Jeep is one vehicle that hardly passes without being noticed. Its gigantic size catches attention, and comes across as intimidating to smaller vehicles. For lovers of big cars, it is a must-have. Having it parked in your garage gives you a sense of pride. You get to see your money’s worth even before you take it for a ride.
A little history is always a delight. Naijauto puts the spotlight on Jeep, and X-Rays early models that consumers loved. Read along as we take you down memory lane with 12 memorable Jeep oldies.
1. Willys Quad (1940)
The history of Jeep would be incomplete without mentioning the Second World War. The 4X4 design was recognized as an icon in the battle ground. The US Army needed a light truck, and they put out an urgent bid to automakers. Only two automakers were able to come up with a befitting design – Willys and Bantam.
The Willys Quad was made for the US Army during the Second World War
Among the two automakers, Bantam clinched the deal. However, there were worries that the company did not have the capacity to manufacture the vehicle in the large numbers required. After due diligence, it was concluded that Bantam could not deliver, and the deal was transferred to Willys, and Ford subsequently.
2. Ford GPW/Willys MB (1941-1945)
Willys was first commissioned to build the 4X4 vehicles needed for the Second World War by the US Army. The company manufactured 361,339 units, but the number was a far cry from the high demand for the vehicle. Ford was brought into the picture to assist in the production, and it produced more 280,000 units using Willy’s 60bhp engine of four cylinders. Expectedly, the ones produced by Ford were slightly different from the ones earlier produced by Willys.
Ford came in to assist Willys with more units for the war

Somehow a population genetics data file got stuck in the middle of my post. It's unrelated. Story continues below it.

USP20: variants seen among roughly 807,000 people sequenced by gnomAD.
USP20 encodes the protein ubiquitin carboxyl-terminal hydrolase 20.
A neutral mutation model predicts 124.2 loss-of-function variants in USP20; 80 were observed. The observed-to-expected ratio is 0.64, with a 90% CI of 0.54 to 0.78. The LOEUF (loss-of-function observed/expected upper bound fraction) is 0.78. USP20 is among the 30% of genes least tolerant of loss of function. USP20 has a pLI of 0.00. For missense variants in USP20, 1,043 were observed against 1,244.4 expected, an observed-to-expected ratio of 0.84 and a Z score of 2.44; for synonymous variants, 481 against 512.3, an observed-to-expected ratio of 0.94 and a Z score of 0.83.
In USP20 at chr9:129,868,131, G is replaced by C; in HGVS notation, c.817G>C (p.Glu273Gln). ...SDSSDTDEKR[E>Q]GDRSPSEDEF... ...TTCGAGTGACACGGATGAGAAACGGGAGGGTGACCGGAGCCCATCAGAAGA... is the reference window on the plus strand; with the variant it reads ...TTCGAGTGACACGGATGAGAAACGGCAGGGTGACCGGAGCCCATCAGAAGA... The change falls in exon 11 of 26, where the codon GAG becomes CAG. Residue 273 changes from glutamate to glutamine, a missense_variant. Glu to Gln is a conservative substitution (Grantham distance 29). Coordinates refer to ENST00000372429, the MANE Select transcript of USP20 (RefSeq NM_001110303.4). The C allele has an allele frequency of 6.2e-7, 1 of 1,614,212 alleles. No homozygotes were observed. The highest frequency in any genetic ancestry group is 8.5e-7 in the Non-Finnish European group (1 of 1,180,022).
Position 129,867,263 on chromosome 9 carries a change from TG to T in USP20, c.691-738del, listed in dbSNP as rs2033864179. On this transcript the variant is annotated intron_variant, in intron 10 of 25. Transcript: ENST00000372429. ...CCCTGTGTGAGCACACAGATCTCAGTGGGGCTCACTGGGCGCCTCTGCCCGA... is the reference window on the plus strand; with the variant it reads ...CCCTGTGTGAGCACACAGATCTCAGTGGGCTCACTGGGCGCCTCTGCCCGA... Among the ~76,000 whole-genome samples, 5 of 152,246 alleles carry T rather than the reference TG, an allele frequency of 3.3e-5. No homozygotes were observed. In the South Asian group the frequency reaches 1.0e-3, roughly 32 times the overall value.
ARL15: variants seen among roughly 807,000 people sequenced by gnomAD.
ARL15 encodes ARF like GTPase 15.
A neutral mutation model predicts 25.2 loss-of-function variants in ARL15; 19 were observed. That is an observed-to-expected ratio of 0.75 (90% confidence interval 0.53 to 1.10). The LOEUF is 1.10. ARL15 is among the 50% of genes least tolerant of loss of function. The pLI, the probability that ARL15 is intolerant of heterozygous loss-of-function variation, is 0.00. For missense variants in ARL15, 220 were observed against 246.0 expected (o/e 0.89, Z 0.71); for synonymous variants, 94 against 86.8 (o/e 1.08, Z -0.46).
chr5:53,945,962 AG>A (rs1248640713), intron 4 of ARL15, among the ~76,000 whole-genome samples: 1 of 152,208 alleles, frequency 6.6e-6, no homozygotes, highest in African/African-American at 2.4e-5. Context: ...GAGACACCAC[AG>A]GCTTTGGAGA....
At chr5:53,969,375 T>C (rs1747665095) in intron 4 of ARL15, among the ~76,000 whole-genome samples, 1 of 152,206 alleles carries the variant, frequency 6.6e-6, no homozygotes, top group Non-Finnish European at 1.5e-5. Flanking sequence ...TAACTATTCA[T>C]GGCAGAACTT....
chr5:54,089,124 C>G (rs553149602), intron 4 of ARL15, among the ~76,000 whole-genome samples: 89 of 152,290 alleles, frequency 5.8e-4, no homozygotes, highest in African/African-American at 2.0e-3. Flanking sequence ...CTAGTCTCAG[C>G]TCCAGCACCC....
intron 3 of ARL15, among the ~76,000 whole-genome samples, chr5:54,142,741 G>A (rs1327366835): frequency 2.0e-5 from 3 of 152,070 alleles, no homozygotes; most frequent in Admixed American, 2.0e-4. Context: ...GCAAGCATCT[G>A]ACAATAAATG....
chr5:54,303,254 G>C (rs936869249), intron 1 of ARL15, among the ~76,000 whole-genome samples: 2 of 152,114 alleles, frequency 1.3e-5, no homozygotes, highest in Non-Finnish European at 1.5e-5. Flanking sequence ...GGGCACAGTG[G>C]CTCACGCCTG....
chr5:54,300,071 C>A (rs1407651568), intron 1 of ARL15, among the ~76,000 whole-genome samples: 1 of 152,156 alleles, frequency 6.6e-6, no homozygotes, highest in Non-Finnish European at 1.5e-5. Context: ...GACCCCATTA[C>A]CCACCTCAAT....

3. CJ-2A (1945-1949)
When the Second World came to an end, nothing much was said about the Jeep; it had served its purpose. Willys looked into farming, and figured that farmers could make do with a strong and rugged-looking vehicle for their activities. This thought gave birth to the CJ-2A which was an advanced version of the military 4X4 produced for the US Army. It was called “Universal” due to its multipurpose nature.
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CJ-2A was produced to help farmers with their work
4. Willys Wagon (1946-1965)
Willys took it a notch higher with the production of a lifestyle SUV simply referred to as Willys Wagon. Unlike the former Jeep vehicles produced, this model had its body enclosed, offering more comfort.
The metal sides of the Jeep were given a “woody” estate look, but they still managed not to rot from the coachwork. In 1949, a four-wheel drive option was offered. The Wagon was also made available in basic delivery versions.
Willys Wagon was a lifestyle luxury ride
5. Jeepster (1948-1951)
Contrary to popular belief, cross pollinating of cars is not a new trend. This was done to the Jeepster way back. It originally had a sporty design, taking inspiration from the CJ-2A. Although people were fascinated to have a four-seater with an open roof, its speed was quite slow, resulting to low sales of 19,132 units only.